The story of chief ministers in Kashmir is not only about the throne but also of their dream residences. But Omar Abdullah,who is hours away from becoming Jammu and Kashmirs youngest CM,has decided to stay away from the 66-room palatial Hari Niwas,the retouched remnant of the Dogra Raj which his party National Conference had revolted against. He will instead stay put at his three-bedroom house in Gupkar.
I have a small family. My two children would be lost in that huge mansion. In fact,I dont need such a huge mansion to live in, Omar said.
The Hari Niwas palace is a remnant of Dogra rule in Kashmir that had instigated one of the biggest rebellions. In fact,it was Omars grandfather,Sheikh Abdullah,who led Kashmiris to rise in revolt against the Dogra rule in the Valley.
The palace was built by Hari Singh,the then Dogra maharaja of Kashmir for his wife Tara Devi. When the Dogra ruler finally fled in 1947,the building was not put to any use. In 1980,the land was bought with an intention of converting the building into a hotel,but the plan didnt take off.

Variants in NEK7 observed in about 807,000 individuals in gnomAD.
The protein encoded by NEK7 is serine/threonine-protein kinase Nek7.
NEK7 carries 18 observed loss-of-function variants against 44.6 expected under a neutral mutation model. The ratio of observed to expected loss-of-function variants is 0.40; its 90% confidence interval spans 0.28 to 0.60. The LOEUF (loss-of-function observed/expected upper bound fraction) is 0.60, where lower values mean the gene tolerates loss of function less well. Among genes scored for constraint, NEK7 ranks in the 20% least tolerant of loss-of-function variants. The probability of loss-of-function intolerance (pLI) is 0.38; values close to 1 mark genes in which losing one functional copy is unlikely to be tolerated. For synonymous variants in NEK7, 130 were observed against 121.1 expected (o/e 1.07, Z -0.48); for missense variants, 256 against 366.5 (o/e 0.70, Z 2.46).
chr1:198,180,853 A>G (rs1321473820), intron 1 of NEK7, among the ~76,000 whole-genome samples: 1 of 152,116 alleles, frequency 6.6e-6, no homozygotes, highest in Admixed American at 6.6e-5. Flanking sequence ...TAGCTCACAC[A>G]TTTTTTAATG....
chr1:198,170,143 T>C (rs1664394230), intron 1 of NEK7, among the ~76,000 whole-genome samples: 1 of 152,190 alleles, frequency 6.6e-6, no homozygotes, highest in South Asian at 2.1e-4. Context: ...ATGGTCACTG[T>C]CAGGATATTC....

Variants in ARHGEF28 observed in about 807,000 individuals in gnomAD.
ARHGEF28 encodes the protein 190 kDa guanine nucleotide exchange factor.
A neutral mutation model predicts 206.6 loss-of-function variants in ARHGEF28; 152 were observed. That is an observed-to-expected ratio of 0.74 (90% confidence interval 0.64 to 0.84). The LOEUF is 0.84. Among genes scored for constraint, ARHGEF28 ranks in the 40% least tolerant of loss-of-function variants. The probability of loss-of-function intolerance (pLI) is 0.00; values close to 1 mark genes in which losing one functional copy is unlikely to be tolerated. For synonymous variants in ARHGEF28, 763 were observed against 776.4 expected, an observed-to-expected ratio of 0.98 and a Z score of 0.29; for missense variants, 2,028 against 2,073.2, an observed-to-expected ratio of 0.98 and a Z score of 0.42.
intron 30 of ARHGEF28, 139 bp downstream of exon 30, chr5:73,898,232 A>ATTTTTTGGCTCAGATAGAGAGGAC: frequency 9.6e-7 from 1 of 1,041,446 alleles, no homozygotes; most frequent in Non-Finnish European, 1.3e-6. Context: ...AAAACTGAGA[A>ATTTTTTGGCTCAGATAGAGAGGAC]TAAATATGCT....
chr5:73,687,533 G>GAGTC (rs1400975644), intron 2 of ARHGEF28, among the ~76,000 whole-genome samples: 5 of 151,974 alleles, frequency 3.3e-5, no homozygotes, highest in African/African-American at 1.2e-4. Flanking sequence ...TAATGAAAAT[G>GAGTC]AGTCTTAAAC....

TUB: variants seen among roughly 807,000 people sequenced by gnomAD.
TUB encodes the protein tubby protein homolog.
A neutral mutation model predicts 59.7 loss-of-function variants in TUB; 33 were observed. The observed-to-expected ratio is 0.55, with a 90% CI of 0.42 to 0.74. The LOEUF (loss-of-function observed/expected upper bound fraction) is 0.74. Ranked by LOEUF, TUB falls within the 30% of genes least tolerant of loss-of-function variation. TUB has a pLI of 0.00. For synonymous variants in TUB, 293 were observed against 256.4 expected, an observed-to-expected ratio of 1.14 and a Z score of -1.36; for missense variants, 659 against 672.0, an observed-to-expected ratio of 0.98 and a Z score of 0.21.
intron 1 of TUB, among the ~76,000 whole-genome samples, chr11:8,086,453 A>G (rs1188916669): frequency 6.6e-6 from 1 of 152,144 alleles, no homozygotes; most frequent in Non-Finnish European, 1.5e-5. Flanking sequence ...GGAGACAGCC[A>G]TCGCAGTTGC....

Later,the Government purchased the building and used if for the Criminal Investigation Department (CID) after 1985,and by 1990,when armed uprising started,it was used as an interrogation chamber.
When he became CM in 2008,Mufti Mohammad Sayeed had decided to stay in the Banquet Hall at Maulana Azad road to be closer to people. It had been the official CM Secretariat decades before and had also served as the Assembly once. But was later discarded for security reasons. Mufti,however,ignored the security threat and chose to stay at the Banquet Hall.
Mufti renovated and refurbished his dream residence by spending Rs 2.15 crore during the 2003-04 financial year. When Muftis three-year stint as CM ended,he moved to a safe house in Gupkar area,Fair View,the infamous Papa II interrogation Centre of 90s.